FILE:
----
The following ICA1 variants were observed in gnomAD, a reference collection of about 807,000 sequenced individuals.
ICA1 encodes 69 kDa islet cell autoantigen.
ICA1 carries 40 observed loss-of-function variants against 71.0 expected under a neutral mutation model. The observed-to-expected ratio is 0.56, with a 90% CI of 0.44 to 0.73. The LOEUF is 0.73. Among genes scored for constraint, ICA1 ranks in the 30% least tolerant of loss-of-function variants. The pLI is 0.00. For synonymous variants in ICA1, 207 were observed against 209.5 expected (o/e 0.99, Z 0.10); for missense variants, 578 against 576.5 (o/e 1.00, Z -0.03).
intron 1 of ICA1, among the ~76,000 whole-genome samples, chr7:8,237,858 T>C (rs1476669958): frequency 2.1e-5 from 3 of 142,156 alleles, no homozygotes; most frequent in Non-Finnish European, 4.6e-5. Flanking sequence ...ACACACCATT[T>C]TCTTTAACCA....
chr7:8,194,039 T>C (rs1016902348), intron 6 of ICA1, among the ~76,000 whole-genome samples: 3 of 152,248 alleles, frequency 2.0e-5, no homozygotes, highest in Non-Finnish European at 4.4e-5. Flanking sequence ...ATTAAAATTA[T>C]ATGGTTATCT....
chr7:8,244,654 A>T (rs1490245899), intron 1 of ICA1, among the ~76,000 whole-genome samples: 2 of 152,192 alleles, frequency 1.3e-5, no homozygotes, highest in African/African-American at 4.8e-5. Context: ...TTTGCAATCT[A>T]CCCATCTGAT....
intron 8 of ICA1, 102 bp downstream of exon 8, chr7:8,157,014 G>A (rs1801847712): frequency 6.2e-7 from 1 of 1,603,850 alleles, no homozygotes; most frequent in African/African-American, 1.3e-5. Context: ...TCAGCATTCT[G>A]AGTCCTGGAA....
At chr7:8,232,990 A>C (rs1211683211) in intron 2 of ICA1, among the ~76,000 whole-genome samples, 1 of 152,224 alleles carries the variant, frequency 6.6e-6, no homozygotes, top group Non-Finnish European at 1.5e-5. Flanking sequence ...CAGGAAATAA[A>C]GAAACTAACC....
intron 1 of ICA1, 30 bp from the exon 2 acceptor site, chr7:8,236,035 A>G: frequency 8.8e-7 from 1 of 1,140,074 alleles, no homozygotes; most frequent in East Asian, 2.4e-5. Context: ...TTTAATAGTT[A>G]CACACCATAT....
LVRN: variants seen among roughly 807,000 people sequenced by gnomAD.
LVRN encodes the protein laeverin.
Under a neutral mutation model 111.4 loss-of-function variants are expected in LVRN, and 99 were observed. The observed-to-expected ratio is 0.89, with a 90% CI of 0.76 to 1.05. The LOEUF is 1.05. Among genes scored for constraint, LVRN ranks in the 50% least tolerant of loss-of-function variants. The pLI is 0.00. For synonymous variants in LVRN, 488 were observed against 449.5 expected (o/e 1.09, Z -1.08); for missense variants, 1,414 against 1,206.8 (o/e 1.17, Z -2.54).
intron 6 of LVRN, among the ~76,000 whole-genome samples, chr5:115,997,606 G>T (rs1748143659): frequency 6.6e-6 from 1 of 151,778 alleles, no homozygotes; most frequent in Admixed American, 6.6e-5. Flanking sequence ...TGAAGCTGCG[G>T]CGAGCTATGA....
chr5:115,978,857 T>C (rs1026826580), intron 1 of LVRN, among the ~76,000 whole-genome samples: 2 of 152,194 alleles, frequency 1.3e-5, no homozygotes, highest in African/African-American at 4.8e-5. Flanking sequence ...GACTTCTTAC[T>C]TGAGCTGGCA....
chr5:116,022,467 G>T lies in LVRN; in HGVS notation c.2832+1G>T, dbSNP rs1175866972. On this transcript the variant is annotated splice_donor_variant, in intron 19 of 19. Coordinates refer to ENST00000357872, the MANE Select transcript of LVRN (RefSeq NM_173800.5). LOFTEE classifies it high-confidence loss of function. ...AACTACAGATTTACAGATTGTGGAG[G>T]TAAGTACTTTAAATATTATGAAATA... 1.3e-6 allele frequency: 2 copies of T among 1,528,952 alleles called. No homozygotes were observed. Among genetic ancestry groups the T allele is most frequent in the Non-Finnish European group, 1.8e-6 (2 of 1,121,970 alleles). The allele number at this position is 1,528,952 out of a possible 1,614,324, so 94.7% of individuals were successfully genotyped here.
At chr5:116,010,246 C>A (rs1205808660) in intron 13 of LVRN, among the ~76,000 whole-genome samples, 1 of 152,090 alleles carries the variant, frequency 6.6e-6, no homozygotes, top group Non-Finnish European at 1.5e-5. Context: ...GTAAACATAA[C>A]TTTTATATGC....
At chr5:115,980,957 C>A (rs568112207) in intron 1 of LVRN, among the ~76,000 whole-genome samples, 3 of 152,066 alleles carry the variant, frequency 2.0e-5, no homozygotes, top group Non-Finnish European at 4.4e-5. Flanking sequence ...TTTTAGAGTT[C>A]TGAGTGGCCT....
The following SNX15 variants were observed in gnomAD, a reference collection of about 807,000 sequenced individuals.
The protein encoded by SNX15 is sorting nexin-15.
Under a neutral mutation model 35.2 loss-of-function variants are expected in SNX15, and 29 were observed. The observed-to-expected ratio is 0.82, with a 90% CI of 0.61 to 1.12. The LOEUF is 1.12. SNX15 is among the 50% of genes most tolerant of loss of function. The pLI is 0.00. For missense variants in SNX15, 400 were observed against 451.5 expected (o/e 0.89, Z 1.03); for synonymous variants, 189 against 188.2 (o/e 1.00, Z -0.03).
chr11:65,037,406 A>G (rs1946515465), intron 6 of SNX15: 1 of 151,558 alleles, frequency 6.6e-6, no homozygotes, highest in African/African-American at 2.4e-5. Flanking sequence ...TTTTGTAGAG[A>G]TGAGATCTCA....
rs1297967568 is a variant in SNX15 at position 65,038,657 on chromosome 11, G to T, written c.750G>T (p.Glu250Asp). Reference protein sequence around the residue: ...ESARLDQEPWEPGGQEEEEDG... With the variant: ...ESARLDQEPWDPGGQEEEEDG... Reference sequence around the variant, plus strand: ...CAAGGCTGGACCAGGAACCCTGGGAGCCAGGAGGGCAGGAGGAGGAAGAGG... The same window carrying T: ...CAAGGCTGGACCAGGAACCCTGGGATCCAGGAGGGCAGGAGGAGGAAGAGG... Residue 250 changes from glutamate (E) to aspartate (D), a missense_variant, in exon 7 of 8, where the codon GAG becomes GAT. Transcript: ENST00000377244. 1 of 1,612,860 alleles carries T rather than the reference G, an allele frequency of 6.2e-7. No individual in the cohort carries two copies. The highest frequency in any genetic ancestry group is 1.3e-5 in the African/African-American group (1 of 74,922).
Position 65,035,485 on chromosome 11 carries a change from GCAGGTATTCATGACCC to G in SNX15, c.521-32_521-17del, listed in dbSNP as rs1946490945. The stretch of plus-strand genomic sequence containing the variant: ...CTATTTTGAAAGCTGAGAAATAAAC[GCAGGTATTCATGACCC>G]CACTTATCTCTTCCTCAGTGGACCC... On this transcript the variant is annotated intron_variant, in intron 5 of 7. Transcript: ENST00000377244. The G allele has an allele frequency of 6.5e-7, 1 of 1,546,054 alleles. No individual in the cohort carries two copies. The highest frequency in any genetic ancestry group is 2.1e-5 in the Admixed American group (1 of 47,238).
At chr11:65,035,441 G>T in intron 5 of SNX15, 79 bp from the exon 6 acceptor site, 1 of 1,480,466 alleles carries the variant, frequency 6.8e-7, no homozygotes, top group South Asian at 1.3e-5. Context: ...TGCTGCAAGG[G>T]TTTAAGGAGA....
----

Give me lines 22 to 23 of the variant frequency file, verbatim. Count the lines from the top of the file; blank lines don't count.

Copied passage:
rs1297967568 is a variant in SNX15 at position 65,038,657 on chromosome 11, G to T, written c.750G>T (p.Glu250Asp). Reference protein sequence around the residue: ...ESARLDQEPWEPGGQEEEEDG... With the variant: ...ESARLDQEPWDPGGQEEEEDG... Reference sequence around the variant, plus strand: ...CAAGGCTGGACCAGGAACCCTGGGAGCCAGGAGGGCAGGAGGAGGAAGAGG... The same window carrying T: ...CAAGGCTGGACCAGGAACCCTGGGATCCAGGAGGGCAGGAGGAGGAAGAGG... Residue 250 changes from glutamate (E) to aspartate (D), a missense_variant, in exon 7 of 8, where the codon GAG becomes GAT. Transcript: ENST00000377244. 1 of 1,612,860 alleles carries T rather than the reference G, an allele frequency of 6.2e-7. No individual in the cohort carries two copies. The highest frequency in any genetic ancestry group is 1.3e-5 in the African/African-American group (1 of 74,922).
Position 65,035,485 on chromosome 11 carries a change from GCAGGTATTCATGACCC to G in SNX15, c.521-32_521-17del, listed in dbSNP as rs1946490945. The stretch of plus-strand genomic sequence containing the variant: ...CTATTTTGAAAGCTGAGAAATAAAC[GCAGGTATTCATGACCC>G]CACTTATCTCTTCCTCAGTGGACCC... On this transcript the variant is annotated intron_variant, in intron 5 of 7. Transcript: ENST00000377244. The G allele has an allele frequency of 6.5e-7, 1 of 1,546,054 alleles. No individual in the cohort carries two copies. The highest frequency in any genetic ancestry group is 2.1e-5 in the Admixed American group (1 of 47,238).